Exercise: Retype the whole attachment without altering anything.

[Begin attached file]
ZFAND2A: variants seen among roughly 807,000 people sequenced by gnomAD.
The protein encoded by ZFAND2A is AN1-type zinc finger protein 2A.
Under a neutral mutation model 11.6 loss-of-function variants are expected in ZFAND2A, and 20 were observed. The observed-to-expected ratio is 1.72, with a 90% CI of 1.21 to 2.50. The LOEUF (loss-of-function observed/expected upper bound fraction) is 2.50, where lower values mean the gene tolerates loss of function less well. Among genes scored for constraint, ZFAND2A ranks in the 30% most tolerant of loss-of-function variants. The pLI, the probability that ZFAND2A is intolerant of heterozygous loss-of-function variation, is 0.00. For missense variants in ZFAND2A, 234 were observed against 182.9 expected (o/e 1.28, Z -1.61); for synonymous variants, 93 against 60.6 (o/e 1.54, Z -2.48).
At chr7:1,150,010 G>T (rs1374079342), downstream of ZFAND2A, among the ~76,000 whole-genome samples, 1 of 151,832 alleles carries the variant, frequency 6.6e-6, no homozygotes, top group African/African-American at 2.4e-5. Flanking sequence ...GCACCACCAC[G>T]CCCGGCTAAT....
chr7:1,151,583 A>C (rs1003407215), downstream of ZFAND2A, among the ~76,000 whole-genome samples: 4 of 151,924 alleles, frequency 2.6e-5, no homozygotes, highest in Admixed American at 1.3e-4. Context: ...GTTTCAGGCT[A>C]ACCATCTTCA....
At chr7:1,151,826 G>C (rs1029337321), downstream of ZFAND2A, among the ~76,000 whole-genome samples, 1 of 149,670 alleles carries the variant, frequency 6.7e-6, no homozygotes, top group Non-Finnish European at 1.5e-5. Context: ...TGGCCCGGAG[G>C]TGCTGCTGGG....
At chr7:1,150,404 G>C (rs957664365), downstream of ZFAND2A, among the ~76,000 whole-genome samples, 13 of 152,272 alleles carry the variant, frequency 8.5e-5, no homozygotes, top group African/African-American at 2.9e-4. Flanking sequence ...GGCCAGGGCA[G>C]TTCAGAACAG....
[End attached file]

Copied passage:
ZFAND2A: variants seen among roughly 807,000 people sequenced by gnomAD.
The protein encoded by ZFAND2A is AN1-type zinc finger protein 2A.
Under a neutral mutation model 11.6 loss-of-function variants are expected in ZFAND2A, and 20 were observed. The observed-to-expected ratio is 1.72, with a 90% CI of 1.21 to 2.50. The LOEUF (loss-of-function observed/expected upper bound fraction) is 2.50, where lower values mean the gene tolerates loss of function less well. Among genes scored for constraint, ZFAND2A ranks in the 30% most tolerant of loss-of-function variants. The pLI, the probability that ZFAND2A is intolerant of heterozygous loss-of-function variation, is 0.00. For missense variants in ZFAND2A, 234 were observed against 182.9 expected (o/e 1.28, Z -1.61); for synonymous variants, 93 against 60.6 (o/e 1.54, Z -2.48).
At chr7:1,150,010 G>T (rs1374079342), downstream of ZFAND2A, among the ~76,000 whole-genome samples, 1 of 151,832 alleles carries the variant, frequency 6.6e-6, no homozygotes, top group African/African-American at 2.4e-5. Flanking sequence ...GCACCACCAC[G>T]CCCGGCTAAT....
chr7:1,151,583 A>C (rs1003407215), downstream of ZFAND2A, among the ~76,000 whole-genome samples: 4 of 151,924 alleles, frequency 2.6e-5, no homozygotes, highest in Admixed American at 1.3e-4. Context: ...GTTTCAGGCT[A>C]ACCATCTTCA....
At chr7:1,151,826 G>C (rs1029337321), downstream of ZFAND2A, among the ~76,000 whole-genome samples, 1 of 149,670 alleles carries the variant, frequency 6.7e-6, no homozygotes, top group Non-Finnish European at 1.5e-5. Context: ...TGGCCCGGAG[G>C]TGCTGCTGGG....
At chr7:1,150,404 G>C (rs957664365), downstream of ZFAND2A, among the ~76,000 whole-genome samples, 13 of 152,272 alleles carry the variant, frequency 8.5e-5, no homozygotes, top group African/African-American at 2.9e-4. Flanking sequence ...GGCCAGGGCA[G>C]TTCAGAACAG....